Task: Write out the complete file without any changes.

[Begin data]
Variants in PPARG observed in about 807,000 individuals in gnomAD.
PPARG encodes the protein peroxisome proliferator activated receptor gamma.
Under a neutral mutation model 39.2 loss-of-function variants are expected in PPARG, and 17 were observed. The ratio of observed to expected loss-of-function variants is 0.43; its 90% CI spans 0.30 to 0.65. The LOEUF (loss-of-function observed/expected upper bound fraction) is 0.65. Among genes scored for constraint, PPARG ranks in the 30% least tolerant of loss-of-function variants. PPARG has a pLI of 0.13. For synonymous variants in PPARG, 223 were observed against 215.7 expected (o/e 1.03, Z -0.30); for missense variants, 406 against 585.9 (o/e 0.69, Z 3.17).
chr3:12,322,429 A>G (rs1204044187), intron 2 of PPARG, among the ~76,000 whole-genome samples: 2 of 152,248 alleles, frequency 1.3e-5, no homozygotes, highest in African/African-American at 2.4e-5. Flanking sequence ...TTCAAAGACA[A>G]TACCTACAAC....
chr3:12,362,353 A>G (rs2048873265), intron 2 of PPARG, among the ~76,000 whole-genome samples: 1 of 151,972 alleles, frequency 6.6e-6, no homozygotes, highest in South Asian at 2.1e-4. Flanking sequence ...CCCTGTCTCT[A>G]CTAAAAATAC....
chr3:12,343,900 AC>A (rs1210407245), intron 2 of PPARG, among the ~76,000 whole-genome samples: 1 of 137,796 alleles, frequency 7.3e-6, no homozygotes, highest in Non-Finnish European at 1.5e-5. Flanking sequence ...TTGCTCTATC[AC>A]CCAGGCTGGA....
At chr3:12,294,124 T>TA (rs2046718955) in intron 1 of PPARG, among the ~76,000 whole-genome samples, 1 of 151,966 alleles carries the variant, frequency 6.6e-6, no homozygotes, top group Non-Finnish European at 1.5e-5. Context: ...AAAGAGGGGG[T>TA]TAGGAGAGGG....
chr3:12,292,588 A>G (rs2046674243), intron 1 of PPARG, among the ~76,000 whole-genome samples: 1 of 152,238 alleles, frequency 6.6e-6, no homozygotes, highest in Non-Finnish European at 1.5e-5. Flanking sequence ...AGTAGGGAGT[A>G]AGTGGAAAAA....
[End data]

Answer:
Variants in PPARG observed in about 807,000 individuals in gnomAD.
PPARG encodes the protein peroxisome proliferator activated receptor gamma.
Under a neutral mutation model 39.2 loss-of-function variants are expected in PPARG, and 17 were observed. The ratio of observed to expected loss-of-function variants is 0.43; its 90% CI spans 0.30 to 0.65. The LOEUF (loss-of-function observed/expected upper bound fraction) is 0.65. Among genes scored for constraint, PPARG ranks in the 30% least tolerant of loss-of-function variants. PPARG has a pLI of 0.13. For synonymous variants in PPARG, 223 were observed against 215.7 expected (o/e 1.03, Z -0.30); for missense variants, 406 against 585.9 (o/e 0.69, Z 3.17).
chr3:12,322,429 A>G (rs1204044187), intron 2 of PPARG, among the ~76,000 whole-genome samples: 2 of 152,248 alleles, frequency 1.3e-5, no homozygotes, highest in African/African-American at 2.4e-5. Flanking sequence ...TTCAAAGACA[A>G]TACCTACAAC....
chr3:12,362,353 A>G (rs2048873265), intron 2 of PPARG, among the ~76,000 whole-genome samples: 1 of 151,972 alleles, frequency 6.6e-6, no homozygotes, highest in South Asian at 2.1e-4. Flanking sequence ...CCCTGTCTCT[A>G]CTAAAAATAC....
chr3:12,343,900 AC>A (rs1210407245), intron 2 of PPARG, among the ~76,000 whole-genome samples: 1 of 137,796 alleles, frequency 7.3e-6, no homozygotes, highest in Non-Finnish European at 1.5e-5. Flanking sequence ...TTGCTCTATC[AC>A]CCAGGCTGGA....
At chr3:12,294,124 T>TA (rs2046718955) in intron 1 of PPARG, among the ~76,000 whole-genome samples, 1 of 151,966 alleles carries the variant, frequency 6.6e-6, no homozygotes, top group Non-Finnish European at 1.5e-5. Context: ...AAAGAGGGGG[T>TA]TAGGAGAGGG....
chr3:12,292,588 A>G (rs2046674243), intron 1 of PPARG, among the ~76,000 whole-genome samples: 1 of 152,238 alleles, frequency 6.6e-6, no homozygotes, highest in Non-Finnish European at 1.5e-5. Flanking sequence ...AGTAGGGAGT[A>G]AGTGGAAAAA....